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The state residence at Holmen painted by Catharine Kølle, undated.

Holmen

19.06.2018

HOLMEN AND THE KØLLE FAMILY Holmen lies by the fjord, innermost in Ulvikpollen. Originally this was a small smallholding or coast dweller’s place belonging to the farm Håheim. Major Johan Henrik Palludan obtained leasehold for a part of Holmen in 1773, and erected a grand house, as he was the head of Nordre Hardangerske kompani. In 1806 Mrs Palludin sold Holmen to the somewhat eccentric theologian Kristian Kølle, and thus the Kølle family came to Ulvik. Today the Kølle house in Holmen is gone, today it is the residence of the principal of the State horticultural school that occupies the ground – a villa in the dragon style from the turn of the previous century.

The soil tongues below Jomfrunuten.

Jomfrunuten

03.12.2018

Freezing and thawing are processes that influence plant cover, move enormous blocks, stretche long mounds of earth, break open bedrock and create patterns in stone and earth.

Glacial river plain at Lake Klevavatnet.

Rallarvegen

04.12.2018

They rest there, all as one, the silent witnesses of Western Norway's saga of creation: Precambrian basement, phyllite and thrust sheet. In the end came the glaciers and sculptured the vast landscape. Along the ground or on the horizon, from bicycle or on foot - the landscape tells its story - and it tells it clearer on Rallarvegen than many other places.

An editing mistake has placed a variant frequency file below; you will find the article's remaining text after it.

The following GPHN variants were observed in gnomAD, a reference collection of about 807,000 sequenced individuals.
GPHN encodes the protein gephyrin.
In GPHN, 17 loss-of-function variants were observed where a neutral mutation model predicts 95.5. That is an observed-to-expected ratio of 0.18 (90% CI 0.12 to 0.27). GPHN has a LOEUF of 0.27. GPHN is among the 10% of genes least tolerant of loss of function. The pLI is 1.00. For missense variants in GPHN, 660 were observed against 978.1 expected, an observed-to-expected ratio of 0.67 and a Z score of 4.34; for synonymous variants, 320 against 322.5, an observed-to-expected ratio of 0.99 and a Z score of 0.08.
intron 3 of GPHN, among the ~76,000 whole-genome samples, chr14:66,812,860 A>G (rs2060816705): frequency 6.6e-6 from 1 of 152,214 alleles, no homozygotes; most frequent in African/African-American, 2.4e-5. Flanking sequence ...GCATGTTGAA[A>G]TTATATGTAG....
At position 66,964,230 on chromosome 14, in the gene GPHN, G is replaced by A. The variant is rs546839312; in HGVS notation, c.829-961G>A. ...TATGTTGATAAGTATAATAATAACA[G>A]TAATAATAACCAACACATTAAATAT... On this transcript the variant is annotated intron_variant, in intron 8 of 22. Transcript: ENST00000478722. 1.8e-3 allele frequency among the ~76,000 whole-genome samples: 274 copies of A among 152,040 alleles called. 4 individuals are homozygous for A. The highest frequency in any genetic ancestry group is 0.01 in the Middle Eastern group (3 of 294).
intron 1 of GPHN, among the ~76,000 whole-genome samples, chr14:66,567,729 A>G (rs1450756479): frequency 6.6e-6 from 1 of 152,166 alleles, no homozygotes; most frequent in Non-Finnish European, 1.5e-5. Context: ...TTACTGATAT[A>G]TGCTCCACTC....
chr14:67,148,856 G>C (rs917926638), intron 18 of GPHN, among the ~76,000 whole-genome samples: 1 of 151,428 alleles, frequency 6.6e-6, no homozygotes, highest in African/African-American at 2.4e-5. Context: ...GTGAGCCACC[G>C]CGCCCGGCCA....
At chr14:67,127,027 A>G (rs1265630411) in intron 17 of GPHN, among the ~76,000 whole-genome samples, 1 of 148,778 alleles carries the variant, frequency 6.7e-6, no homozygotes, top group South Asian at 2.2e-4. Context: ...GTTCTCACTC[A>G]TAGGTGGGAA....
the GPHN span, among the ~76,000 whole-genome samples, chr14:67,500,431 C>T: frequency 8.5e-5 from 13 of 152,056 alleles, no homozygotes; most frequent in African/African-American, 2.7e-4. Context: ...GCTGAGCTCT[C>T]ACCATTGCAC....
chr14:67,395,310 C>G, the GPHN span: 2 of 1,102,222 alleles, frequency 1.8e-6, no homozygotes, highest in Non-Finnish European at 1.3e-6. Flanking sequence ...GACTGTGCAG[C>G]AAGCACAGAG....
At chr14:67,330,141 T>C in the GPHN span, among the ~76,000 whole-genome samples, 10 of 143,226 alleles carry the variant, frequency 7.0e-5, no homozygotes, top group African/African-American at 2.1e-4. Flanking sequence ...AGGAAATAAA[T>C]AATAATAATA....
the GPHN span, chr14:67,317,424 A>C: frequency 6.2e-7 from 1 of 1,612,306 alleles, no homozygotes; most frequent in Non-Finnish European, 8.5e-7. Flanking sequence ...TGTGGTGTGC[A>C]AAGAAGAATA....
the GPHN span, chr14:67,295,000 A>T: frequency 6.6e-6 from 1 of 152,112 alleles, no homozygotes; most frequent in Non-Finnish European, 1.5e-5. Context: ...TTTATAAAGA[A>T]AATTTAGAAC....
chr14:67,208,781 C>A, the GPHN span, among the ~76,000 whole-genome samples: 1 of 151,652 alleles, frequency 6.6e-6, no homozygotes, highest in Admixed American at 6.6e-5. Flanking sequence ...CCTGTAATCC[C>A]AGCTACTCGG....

Ramnagjelet, Ulvik

Ulvik-village

04.12.2018

The ice cap that covered the land during each of the 40 past ice ages over the past 2 million years of Earth's history pressed down the crust of the earth - like a finger on a rubber ball. And when the ice finally loosened its grip 11,000 years ago, the earth's crust rose again, most where the ice was thickest, least where it was thin, quickly in the beginning, and later more slowly. To this day, the land in the inner part of Norway continues to rise by perhaps one millimetre per year. By and large, however, the crust in Hordaland has again reached equilibrium after the weight of the ice was removed.

Huglo

Huglo

19.06.2018

The majority of Huglo is bare rock. A bit of dwarf pine forest is the only vegetation able to put down roots. Along the west- and east sides, to the contrary, the landscape is unusually green and lush. The reason lies both in the bedrock and in the ice that covered the area 12 000 years ago.

Spring in the black alder forest of Hystadsmarkjo.

Hystad- the black alder forest

19.06.2018

One of the biggest black alder forests in the country is in Hystadmarkjo. Along the well prepared trail through the forest you can experience an exceptional nature with an unusual abundance of exuberant plant species. But what has laid the foundation for this richness?

Skrivargarden in “”Kåravikjo”.

Kåravika

19.06.2018

Coat of arms, Orning

Orninggård

19.06.2018

Sagvåg in the early 1900s, with the gate saw and the shipyard to the right in the picture.

Sagvåg

19.06.2018

The pit saw on the property of the farm Valvatna, is the origin of the name Sagvåg. The sawmill is mentioned as early as 1564. The name of the place at that time was Fuglesalt, but soon there is only talk of Saugvog.

The main building at Huglo, Stord

Sørhuglo

26.06.2018

The tax collector’s farm at Sørhuglo is one of the many farms for state employees in Hordaland. According to history, “Futastovo” was built by the tax collector Gram in the second half of the 17th century. In 1943 the building was moved to Sunnhordland Folk Museum.